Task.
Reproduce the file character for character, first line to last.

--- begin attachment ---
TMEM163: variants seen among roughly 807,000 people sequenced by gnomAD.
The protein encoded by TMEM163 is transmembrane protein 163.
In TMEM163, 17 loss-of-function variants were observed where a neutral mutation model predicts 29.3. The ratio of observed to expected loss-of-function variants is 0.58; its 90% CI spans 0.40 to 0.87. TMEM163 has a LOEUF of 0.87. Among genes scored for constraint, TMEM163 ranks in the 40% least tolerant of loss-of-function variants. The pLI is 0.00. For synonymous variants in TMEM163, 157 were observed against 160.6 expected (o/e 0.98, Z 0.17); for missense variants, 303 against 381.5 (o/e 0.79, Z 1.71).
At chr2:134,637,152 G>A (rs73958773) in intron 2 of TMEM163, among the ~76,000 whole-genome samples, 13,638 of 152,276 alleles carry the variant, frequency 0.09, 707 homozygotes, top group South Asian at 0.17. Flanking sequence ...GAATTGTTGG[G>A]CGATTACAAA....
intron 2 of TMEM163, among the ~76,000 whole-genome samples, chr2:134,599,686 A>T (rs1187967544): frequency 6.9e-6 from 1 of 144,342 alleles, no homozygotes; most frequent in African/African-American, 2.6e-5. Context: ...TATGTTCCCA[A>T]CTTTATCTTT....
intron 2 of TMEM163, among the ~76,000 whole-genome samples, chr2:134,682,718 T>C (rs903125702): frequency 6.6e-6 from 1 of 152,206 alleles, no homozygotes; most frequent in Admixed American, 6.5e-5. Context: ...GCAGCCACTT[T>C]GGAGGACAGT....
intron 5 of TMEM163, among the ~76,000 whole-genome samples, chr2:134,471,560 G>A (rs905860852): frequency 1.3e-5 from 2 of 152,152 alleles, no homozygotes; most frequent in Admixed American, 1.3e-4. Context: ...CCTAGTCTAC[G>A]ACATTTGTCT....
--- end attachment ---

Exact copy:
TMEM163: variants seen among roughly 807,000 people sequenced by gnomAD.
The protein encoded by TMEM163 is transmembrane protein 163.
In TMEM163, 17 loss-of-function variants were observed where a neutral mutation model predicts 29.3. The ratio of observed to expected loss-of-function variants is 0.58; its 90% CI spans 0.40 to 0.87. TMEM163 has a LOEUF of 0.87. Among genes scored for constraint, TMEM163 ranks in the 40% least tolerant of loss-of-function variants. The pLI is 0.00. For synonymous variants in TMEM163, 157 were observed against 160.6 expected (o/e 0.98, Z 0.17); for missense variants, 303 against 381.5 (o/e 0.79, Z 1.71).
At chr2:134,637,152 G>A (rs73958773) in intron 2 of TMEM163, among the ~76,000 whole-genome samples, 13,638 of 152,276 alleles carry the variant, frequency 0.09, 707 homozygotes, top group South Asian at 0.17. Flanking sequence ...GAATTGTTGG[G>A]CGATTACAAA....
intron 2 of TMEM163, among the ~76,000 whole-genome samples, chr2:134,599,686 A>T (rs1187967544): frequency 6.9e-6 from 1 of 144,342 alleles, no homozygotes; most frequent in African/African-American, 2.6e-5. Context: ...TATGTTCCCA[A>T]CTTTATCTTT....
intron 2 of TMEM163, among the ~76,000 whole-genome samples, chr2:134,682,718 T>C (rs903125702): frequency 6.6e-6 from 1 of 152,206 alleles, no homozygotes; most frequent in Admixed American, 6.5e-5. Context: ...GCAGCCACTT[T>C]GGAGGACAGT....
intron 5 of TMEM163, among the ~76,000 whole-genome samples, chr2:134,471,560 G>A (rs905860852): frequency 1.3e-5 from 2 of 152,152 alleles, no homozygotes; most frequent in Admixed American, 1.3e-4. Context: ...CCTAGTCTAC[G>A]ACATTTGTCT....